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UC Berkeley Museum Director Steps Down

By Richard Brenneman
Tuesday September 25, 2007

Berkeley Art Museum/Pacific Film Archive Director Kevin Consey will leave his post in January, the museum announced Friday. 

That means he won’t be in charge when the project he was hired to build—the new museum building on Center Street—is finally opened to the public. 

The sometimes controversial administrator took the helm at the university museum and film center on Jan. 1, 2000. His official date for leaving the post will be Jan. 2. 

In a prepared statement released by the museum, Consey said, “I have been privileged to work with a talented and energetic staff of the highest professional caliber during my tenure. The significant and substantial accomplishments produced during this time were due to our collaborative efforts and their intelligence, skill, and perseverance. 

“The continuing demanding work and challenges of the new building project and capital campaign need increased energy over the next several years. Eight years of service and significant accomplishments in the areas of institutional growth and preparatory fundraising, program development, architect selection, and conceptual design work for a new building mark a good time to step down and retire." 

Peter Selz, the museum’s founding director, welcomed the news. 

“He was not very competent and somewhat arrogant,” said Selz, who also acknowledged that Consey was effective at raising funds, “which is also important.” 

“I look forward to the chance of getting someone very talented to replace him,” he said.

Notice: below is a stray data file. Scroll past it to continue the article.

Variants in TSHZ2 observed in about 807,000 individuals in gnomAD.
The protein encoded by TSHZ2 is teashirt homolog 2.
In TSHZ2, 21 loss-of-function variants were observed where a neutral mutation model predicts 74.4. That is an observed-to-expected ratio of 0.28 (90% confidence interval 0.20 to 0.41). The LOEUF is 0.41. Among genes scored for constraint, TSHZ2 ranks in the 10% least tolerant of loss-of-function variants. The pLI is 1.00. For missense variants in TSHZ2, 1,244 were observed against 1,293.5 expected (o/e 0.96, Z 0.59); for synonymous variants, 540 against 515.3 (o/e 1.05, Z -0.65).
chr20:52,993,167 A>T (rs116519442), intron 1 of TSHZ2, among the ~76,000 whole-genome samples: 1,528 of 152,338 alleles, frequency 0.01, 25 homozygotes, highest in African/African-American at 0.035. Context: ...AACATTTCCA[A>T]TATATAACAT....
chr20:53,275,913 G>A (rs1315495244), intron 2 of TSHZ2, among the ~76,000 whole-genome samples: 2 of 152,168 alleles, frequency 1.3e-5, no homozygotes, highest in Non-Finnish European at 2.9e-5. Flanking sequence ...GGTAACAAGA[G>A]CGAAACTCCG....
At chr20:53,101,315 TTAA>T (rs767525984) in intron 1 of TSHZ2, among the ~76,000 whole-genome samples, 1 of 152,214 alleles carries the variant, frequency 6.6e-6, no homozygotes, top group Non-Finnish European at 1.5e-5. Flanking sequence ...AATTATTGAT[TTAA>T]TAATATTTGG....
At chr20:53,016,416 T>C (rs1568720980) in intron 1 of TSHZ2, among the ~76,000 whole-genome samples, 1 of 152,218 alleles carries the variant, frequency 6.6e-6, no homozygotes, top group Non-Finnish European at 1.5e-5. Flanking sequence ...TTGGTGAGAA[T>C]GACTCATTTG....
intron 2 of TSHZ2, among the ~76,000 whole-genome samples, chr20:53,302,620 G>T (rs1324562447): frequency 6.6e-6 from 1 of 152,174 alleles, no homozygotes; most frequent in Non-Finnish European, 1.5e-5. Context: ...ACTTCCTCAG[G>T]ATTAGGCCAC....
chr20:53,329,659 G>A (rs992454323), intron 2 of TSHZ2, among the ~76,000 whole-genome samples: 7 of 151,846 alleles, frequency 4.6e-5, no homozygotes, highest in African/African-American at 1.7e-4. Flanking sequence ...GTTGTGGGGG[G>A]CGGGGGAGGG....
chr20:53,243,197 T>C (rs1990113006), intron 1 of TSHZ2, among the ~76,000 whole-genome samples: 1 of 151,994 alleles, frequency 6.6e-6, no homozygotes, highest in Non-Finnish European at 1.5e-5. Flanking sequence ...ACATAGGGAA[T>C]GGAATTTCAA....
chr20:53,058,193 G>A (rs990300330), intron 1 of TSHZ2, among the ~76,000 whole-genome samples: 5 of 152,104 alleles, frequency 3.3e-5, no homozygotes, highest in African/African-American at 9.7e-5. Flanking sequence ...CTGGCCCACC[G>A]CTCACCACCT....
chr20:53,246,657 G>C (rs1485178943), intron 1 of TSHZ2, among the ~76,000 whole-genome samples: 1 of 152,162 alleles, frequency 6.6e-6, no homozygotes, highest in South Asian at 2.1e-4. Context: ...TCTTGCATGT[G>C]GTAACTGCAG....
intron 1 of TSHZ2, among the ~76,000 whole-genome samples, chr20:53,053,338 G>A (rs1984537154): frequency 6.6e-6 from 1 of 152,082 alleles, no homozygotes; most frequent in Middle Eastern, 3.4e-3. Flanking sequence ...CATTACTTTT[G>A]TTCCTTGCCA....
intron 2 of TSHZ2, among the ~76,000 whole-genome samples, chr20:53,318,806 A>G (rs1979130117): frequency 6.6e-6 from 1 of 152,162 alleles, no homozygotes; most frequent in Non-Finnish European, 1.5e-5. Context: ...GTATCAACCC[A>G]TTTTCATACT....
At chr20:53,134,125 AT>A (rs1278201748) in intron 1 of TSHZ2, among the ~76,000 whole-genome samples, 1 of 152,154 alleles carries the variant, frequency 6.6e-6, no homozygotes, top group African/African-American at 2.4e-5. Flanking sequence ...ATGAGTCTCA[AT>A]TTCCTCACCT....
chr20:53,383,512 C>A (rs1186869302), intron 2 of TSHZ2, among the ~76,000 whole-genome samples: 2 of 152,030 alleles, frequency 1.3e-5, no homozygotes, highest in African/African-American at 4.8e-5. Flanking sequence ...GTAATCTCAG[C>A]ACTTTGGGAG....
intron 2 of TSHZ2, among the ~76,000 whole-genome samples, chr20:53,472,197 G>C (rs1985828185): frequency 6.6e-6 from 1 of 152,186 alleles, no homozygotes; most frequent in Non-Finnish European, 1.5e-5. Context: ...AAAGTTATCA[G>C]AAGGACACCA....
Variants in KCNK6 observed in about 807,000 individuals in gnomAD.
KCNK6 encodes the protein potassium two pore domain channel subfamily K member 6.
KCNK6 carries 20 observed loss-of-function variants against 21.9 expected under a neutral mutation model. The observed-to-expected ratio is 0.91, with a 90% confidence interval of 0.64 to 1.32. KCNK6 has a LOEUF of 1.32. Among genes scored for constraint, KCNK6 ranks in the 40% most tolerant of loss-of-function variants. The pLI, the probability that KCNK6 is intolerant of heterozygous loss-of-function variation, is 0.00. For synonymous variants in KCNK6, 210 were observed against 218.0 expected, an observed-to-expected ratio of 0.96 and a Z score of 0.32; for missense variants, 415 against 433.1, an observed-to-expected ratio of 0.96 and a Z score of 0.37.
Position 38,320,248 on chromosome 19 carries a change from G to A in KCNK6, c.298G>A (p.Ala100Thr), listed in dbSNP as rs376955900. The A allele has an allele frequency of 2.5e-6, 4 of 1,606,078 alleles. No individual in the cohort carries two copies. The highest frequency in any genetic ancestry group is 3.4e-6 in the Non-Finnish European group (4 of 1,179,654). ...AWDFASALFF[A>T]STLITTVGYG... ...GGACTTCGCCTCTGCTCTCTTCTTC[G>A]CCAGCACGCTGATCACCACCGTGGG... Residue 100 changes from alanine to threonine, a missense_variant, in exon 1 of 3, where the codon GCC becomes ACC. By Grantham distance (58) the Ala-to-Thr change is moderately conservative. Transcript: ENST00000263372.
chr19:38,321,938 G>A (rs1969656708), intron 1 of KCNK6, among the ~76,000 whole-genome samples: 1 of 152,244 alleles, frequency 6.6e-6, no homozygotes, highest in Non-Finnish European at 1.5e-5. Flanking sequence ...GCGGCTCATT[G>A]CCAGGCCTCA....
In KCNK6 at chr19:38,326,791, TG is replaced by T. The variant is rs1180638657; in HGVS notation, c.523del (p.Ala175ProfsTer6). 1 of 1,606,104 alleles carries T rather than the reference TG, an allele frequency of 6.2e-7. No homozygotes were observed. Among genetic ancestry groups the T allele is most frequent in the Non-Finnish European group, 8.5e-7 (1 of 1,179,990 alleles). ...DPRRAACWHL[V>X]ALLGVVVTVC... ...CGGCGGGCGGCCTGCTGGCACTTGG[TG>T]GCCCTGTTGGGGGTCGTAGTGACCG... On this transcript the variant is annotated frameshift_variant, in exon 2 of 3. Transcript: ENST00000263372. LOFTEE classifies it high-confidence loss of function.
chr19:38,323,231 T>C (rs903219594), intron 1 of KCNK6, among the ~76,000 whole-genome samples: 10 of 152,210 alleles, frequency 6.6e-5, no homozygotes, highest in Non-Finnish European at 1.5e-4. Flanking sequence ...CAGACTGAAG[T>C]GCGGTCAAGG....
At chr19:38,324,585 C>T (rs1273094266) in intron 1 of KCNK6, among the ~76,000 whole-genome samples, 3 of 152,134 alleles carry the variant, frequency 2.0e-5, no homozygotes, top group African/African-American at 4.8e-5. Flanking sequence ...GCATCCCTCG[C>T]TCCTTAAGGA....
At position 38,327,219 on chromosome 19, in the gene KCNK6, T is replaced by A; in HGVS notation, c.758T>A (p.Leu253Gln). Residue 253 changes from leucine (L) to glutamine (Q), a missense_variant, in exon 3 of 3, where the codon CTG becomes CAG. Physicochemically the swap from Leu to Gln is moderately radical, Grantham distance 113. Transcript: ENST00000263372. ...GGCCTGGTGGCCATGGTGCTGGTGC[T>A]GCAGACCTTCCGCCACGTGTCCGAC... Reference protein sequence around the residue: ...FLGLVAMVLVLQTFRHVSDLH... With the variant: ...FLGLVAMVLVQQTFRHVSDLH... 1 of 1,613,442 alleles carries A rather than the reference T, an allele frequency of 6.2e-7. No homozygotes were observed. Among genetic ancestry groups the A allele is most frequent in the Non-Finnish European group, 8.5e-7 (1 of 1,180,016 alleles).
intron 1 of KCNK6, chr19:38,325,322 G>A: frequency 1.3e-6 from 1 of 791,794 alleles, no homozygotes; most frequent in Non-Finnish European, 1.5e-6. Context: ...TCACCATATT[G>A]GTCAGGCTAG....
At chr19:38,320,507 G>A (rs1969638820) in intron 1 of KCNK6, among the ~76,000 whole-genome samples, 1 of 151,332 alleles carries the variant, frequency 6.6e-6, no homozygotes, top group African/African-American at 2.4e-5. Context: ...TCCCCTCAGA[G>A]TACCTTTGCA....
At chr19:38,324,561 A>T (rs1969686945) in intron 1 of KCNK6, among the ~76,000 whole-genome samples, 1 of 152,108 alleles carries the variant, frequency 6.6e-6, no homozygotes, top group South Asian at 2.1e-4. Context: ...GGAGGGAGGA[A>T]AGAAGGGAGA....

Selz particularly faulted Consey for his refusal to allow the museum to show the Colombian artist Fernando Botero’s paintings of the abuse of prisoners at Abu Ghraib Prison—works Selz said were the most important creations of the last few years. 

“The Center for Latin American Studies had to show them in a special room at the library,” he said. “It was a very important show, and 15,000 people came.” 

Consey’s resignation comes less than a month after the UC Berkeley Chancellor Robert Birgeneau told the San Francisco Chronicle that Botero wanted to give the university all 25 paintings and 22 drawings in the series, with the proviso that some be permanently displayed. 

Whether or not the chancellor’s decision to accept the gift had any bearing on Consey’s decision to leave remained unclear as the Daily Planet went to press Monday evening. 

In addition to his campus duties, Consey also serves as one of the university’s ex officio representatives to the Downtown Area Plan Advisory Committee. 

The new museum planned for the northwest corner of the intersection of Center and Oxford streets will be one of the centerpieces of the proposed pedestrian plaza that would provide an architectural link between town and the university and is one of the key elements of the new plan now being completed by the committee. 

The plan results from the settlement of a city lawsuit challenging the university’s extensive plans for expansion into downtown Berkeley, and the university has final say over the document. 

Before joining the Berkeley museum, Consey had served as director of Chicago’s Museum of Contemporary Art, where he presided over a similar building campaign. 

He had also served as director of the Newport Harbor Art Museum in the 1980s. 

Consey presided over an interim seismic upgrading of the museum’s aging Bancroft Way building, and has headed the efforts to raise funds for the new structure, now being designed by Japanese architect Toyo Ito. 

During Consey’s tenure, the museum reported in a press release, the endowment for the institution nearly quadrupled, rising from $15.5 million to $60.8 million.